- Are you traveling with other people? Maybe they are very mechanically inclined and can do all the work while you cook them dinner or provide them with a steady stream of beer.
Part 2: Essential Riding Skills
So, now that you know whether or not you can work on your bike, let’s move on to the more important question – can you ride it?
If you’re doing much off-road riding, or even just getting off the main roads in third world countries, you better get used to missing bridges and river crossings!
This question is also hard to answer, as your risk tolerance (and an inflated sense of confidence) could greatly affect the determination of whether or not you’re ready. I can’t say that you need to have X number of years or Y number of miles under your belt before you head out. Plenty of people have taken off on massive trips with little to no riding experience and had wonderful experiences.
I guess all that I can say is that you’ll run into many varying situations while on the road, and in my opinion you should be comfortable enough on your bike to deal with them all; first and foremost for the sake of safety, but also because it’ll be more enjoyable.
- Bad weather: If you’re on the road long enough, you’re going to ride through a rain storm. Make sure you have the proper gear to stay as comfortable as possible so that your visibility and attention aren’t brought down to unsafe levels. And make sure you know how to adjust your riding style to make up for the decrease in braking and handling that you’ll experience on wet roads.
- Night riding: I was always trying to avoid riding at night on my trip, as the varying road and traffic conditions in foreign countries took enough of my attention, so I didn’t want to add darkness to the mix. But even though I was trying to avoid it, it still was necessary at some times after underestimating poor roads and travel times or getting a flat tire during the day. Slow down to help make up for the lack of visibility. And also take into account where you are. In India, it was very common to see animals, trucks with headlights off, and tractors with no taillights after the sun went down. Night riding there was terrifying.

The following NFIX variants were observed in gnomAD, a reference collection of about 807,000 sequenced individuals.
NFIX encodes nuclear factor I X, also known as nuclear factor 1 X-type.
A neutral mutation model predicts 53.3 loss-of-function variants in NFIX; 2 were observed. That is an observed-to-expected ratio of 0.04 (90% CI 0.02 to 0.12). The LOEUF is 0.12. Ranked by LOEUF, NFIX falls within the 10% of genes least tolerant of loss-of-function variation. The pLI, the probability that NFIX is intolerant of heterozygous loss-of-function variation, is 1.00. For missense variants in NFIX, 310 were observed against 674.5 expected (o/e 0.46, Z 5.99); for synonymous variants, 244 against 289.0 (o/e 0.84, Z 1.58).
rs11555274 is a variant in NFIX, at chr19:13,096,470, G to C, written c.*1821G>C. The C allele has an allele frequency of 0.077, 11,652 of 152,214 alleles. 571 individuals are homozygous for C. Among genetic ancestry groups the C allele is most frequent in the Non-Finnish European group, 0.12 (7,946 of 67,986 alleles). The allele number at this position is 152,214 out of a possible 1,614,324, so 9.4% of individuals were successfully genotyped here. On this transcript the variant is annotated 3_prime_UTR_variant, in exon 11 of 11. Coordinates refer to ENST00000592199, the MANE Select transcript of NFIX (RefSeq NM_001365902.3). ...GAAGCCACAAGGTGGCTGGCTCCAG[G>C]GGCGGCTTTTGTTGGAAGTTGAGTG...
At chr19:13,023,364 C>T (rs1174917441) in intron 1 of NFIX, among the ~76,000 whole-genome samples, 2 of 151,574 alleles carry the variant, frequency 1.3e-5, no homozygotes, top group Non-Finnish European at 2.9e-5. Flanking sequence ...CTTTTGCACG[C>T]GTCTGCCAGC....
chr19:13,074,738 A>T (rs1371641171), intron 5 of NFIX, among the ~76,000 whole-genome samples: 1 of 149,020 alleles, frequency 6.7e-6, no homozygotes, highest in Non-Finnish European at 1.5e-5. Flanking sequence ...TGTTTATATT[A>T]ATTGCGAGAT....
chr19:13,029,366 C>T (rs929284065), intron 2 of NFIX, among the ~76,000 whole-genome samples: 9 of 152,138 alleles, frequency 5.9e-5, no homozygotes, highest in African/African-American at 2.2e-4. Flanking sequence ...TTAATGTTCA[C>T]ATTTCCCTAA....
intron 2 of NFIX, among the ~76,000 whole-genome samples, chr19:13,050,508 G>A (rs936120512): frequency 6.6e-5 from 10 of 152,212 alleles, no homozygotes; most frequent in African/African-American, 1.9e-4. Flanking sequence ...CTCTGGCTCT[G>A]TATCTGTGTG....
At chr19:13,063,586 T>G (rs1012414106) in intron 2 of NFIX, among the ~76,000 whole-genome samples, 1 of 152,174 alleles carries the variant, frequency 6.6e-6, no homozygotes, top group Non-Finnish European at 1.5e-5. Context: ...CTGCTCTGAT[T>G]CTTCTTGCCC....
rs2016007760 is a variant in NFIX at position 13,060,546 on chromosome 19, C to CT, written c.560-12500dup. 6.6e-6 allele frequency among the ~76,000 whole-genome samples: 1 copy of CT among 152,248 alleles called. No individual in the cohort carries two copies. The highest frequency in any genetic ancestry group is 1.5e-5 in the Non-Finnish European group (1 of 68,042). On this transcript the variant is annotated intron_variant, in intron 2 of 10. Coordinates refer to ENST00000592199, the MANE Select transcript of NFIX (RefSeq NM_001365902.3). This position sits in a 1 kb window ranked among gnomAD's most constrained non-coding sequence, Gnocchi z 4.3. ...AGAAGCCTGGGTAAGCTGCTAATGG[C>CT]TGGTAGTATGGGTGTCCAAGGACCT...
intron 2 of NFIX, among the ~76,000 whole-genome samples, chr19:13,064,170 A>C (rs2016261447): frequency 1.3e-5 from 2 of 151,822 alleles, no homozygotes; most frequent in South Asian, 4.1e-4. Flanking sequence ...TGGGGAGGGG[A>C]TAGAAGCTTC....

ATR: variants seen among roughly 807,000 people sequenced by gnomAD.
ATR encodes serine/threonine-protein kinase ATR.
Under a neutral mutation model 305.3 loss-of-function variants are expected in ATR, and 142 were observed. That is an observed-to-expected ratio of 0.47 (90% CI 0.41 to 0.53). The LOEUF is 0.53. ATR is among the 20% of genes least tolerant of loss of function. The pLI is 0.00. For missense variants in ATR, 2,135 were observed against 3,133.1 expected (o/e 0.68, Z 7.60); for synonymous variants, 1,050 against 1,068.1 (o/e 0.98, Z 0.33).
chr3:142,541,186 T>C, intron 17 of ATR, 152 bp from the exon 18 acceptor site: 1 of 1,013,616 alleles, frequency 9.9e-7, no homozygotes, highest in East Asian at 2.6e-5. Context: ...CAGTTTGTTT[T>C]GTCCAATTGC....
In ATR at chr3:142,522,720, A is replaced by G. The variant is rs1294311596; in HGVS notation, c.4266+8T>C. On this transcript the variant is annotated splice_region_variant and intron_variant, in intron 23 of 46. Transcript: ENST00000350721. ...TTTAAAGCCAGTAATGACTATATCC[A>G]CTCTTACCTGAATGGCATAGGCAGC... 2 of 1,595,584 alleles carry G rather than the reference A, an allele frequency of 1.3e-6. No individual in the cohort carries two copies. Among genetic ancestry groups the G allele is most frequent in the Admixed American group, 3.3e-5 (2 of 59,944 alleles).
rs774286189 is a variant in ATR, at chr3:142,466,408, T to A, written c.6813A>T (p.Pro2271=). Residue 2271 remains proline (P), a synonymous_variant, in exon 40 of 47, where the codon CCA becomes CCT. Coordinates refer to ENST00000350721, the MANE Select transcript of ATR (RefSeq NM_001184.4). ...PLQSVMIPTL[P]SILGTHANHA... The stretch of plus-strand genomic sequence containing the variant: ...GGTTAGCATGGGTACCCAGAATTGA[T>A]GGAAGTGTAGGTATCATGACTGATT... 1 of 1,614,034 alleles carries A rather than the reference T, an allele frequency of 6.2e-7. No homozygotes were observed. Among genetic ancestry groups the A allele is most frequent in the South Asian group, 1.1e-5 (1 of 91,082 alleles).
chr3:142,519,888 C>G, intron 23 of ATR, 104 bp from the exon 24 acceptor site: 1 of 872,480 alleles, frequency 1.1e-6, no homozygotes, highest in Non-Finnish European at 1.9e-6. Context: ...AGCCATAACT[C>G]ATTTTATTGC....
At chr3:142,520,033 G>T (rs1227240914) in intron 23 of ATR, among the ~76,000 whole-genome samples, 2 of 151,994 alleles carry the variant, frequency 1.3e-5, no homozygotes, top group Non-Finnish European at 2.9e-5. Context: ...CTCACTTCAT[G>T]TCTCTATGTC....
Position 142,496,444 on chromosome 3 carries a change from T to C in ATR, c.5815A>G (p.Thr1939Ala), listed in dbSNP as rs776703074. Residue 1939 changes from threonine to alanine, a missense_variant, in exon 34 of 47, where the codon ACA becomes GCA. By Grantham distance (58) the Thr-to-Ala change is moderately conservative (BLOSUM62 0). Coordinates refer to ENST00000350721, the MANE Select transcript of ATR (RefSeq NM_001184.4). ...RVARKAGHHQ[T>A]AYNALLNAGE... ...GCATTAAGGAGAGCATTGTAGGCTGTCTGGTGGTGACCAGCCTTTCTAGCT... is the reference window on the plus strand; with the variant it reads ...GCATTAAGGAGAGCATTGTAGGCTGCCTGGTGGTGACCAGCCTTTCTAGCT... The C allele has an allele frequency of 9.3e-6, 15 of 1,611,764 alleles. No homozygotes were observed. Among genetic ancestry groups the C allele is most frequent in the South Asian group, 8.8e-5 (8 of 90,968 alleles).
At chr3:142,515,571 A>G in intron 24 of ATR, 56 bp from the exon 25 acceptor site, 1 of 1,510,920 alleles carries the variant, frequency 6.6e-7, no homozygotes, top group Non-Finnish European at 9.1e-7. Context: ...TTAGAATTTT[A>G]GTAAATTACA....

- Traffic congestion: If you’re used to driving through congested cities in the United States, it’ll help you deal with some traffic situations in other countries, but be aware that an American traffic jam will pale in comparison to what you’ll see on a daily basis in some third world countries.
On my first day of riding in India, I got to deal with the impossibly hectic Mumbai traffic.
- Variation in traffic rules: The rules of the road vary from country to country. As you find yourself in these changing situations, you’ll need to be able to adapt quickly. Pay attention to how all the local traffic operates and integrate yourself into it immediately. Focus on learning all the customs quickly, and just make sure to be extra cautious during this learning process.
- Dirt roads of varying quality: If your route will take you on dirt roads or off-road, make sure you are comfortable with your ability to traverse these sections. I have a relatively small amount of experience on dirt roads, so before my trip, I took the Intro to Adventure course from Rawhyde Adventures. This weekend course was great for increasing not only my skill, but also my confidence on dirt. Not only did this turn previously impassable roads into potential routes, but it also allowed me to cover relatively mild dirt roads much more safely, and much faster.
All the bikes lined up at the RawHyde Intro to Adventure course.
Keep Calm and Ride On
Once you feel you have the necessary riding experience to safely traverse the various terrain and traffic you’ll encounter on your trip, and that you can keep your bike up and running, the last thing you’ll need is the ability to remain positive and calm in a wide range of situations. You’re going to encounter traffic jams in sweltering heat, cold and rainy riding days, unsafe traffic, and unexpected breakdowns…and that’s just scratching the surface of the stress you’ll face.
Just remember this little tip to get you through it all…that even a bad day on the road still beats a good day at work!
No matter how good you are, it’s bound to happen…the key is knowing what to do when it does!
What would you like to know more about when it comes to preparing for an epic motorcycle trip? Leave your question in the comments below!